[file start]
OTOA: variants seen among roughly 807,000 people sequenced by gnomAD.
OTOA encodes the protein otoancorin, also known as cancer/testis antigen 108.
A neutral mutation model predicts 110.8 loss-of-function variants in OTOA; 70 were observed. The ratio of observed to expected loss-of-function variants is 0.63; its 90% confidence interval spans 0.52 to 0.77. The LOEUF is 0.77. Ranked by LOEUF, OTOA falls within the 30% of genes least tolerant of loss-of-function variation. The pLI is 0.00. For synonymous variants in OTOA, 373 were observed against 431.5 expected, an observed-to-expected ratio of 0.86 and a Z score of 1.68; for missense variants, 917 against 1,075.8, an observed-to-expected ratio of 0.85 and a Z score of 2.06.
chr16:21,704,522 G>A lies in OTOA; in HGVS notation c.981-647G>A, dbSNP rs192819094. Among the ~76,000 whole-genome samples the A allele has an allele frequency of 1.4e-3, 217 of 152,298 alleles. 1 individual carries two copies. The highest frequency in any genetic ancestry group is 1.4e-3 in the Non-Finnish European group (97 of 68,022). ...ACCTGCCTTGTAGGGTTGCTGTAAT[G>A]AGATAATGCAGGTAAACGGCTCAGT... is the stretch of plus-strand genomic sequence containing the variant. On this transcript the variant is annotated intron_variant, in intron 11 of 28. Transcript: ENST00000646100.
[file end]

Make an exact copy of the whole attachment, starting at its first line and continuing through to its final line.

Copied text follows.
OTOA: variants seen among roughly 807,000 people sequenced by gnomAD.
OTOA encodes the protein otoancorin, also known as cancer/testis antigen 108.
A neutral mutation model predicts 110.8 loss-of-function variants in OTOA; 70 were observed. The ratio of observed to expected loss-of-function variants is 0.63; its 90% confidence interval spans 0.52 to 0.77. The LOEUF is 0.77. Ranked by LOEUF, OTOA falls within the 30% of genes least tolerant of loss-of-function variation. The pLI is 0.00. For synonymous variants in OTOA, 373 were observed against 431.5 expected, an observed-to-expected ratio of 0.86 and a Z score of 1.68; for missense variants, 917 against 1,075.8, an observed-to-expected ratio of 0.85 and a Z score of 2.06.
chr16:21,704,522 G>A lies in OTOA; in HGVS notation c.981-647G>A, dbSNP rs192819094. Among the ~76,000 whole-genome samples the A allele has an allele frequency of 1.4e-3, 217 of 152,298 alleles. 1 individual carries two copies. The highest frequency in any genetic ancestry group is 1.4e-3 in the Non-Finnish European group (97 of 68,022). ...ACCTGCCTTGTAGGGTTGCTGTAAT[G>A]AGATAATGCAGGTAAACGGCTCAGT... is the stretch of plus-strand genomic sequence containing the variant. On this transcript the variant is annotated intron_variant, in intron 11 of 28. Transcript: ENST00000646100.